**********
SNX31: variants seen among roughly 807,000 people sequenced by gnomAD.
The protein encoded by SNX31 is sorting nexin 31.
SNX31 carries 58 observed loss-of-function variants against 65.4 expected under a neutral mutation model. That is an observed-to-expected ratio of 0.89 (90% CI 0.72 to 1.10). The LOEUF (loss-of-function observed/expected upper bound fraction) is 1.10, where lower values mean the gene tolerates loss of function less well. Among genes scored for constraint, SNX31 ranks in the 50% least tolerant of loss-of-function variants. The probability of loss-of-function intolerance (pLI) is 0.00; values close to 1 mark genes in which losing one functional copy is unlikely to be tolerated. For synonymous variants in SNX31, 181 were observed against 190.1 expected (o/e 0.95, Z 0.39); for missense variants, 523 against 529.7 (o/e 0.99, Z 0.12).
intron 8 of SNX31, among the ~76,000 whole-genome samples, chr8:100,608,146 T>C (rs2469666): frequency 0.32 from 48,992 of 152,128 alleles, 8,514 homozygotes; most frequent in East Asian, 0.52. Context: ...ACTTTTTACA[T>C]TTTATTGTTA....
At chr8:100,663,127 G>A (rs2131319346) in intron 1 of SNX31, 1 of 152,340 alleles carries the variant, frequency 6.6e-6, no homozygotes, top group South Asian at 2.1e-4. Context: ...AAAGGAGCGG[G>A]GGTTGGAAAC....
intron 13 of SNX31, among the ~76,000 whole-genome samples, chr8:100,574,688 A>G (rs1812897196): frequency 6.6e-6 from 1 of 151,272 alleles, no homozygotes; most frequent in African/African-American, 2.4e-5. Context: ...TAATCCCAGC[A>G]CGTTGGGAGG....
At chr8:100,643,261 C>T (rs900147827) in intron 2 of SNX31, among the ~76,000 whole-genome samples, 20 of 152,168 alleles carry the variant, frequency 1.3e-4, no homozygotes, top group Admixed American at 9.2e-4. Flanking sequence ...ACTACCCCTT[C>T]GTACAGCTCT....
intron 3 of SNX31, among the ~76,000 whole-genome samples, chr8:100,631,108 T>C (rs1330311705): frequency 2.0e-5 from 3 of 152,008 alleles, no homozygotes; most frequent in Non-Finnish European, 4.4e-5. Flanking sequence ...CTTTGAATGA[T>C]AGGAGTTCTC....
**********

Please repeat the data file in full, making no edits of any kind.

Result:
SNX31: variants seen among roughly 807,000 people sequenced by gnomAD.
The protein encoded by SNX31 is sorting nexin 31.
SNX31 carries 58 observed loss-of-function variants against 65.4 expected under a neutral mutation model. That is an observed-to-expected ratio of 0.89 (90% CI 0.72 to 1.10). The LOEUF (loss-of-function observed/expected upper bound fraction) is 1.10, where lower values mean the gene tolerates loss of function less well. Among genes scored for constraint, SNX31 ranks in the 50% least tolerant of loss-of-function variants. The probability of loss-of-function intolerance (pLI) is 0.00; values close to 1 mark genes in which losing one functional copy is unlikely to be tolerated. For synonymous variants in SNX31, 181 were observed against 190.1 expected (o/e 0.95, Z 0.39); for missense variants, 523 against 529.7 (o/e 0.99, Z 0.12).
intron 8 of SNX31, among the ~76,000 whole-genome samples, chr8:100,608,146 T>C (rs2469666): frequency 0.32 from 48,992 of 152,128 alleles, 8,514 homozygotes; most frequent in East Asian, 0.52. Context: ...ACTTTTTACA[T>C]TTTATTGTTA....
At chr8:100,663,127 G>A (rs2131319346) in intron 1 of SNX31, 1 of 152,340 alleles carries the variant, frequency 6.6e-6, no homozygotes, top group South Asian at 2.1e-4. Context: ...AAAGGAGCGG[G>A]GGTTGGAAAC....
intron 13 of SNX31, among the ~76,000 whole-genome samples, chr8:100,574,688 A>G (rs1812897196): frequency 6.6e-6 from 1 of 151,272 alleles, no homozygotes; most frequent in African/African-American, 2.4e-5. Context: ...TAATCCCAGC[A>G]CGTTGGGAGG....
At chr8:100,643,261 C>T (rs900147827) in intron 2 of SNX31, among the ~76,000 whole-genome samples, 20 of 152,168 alleles carry the variant, frequency 1.3e-4, no homozygotes, top group Admixed American at 9.2e-4. Flanking sequence ...ACTACCCCTT[C>T]GTACAGCTCT....
intron 3 of SNX31, among the ~76,000 whole-genome samples, chr8:100,631,108 T>C (rs1330311705): frequency 2.0e-5 from 3 of 152,008 alleles, no homozygotes; most frequent in Non-Finnish European, 4.4e-5. Flanking sequence ...CTTTGAATGA[T>C]AGGAGTTCTC....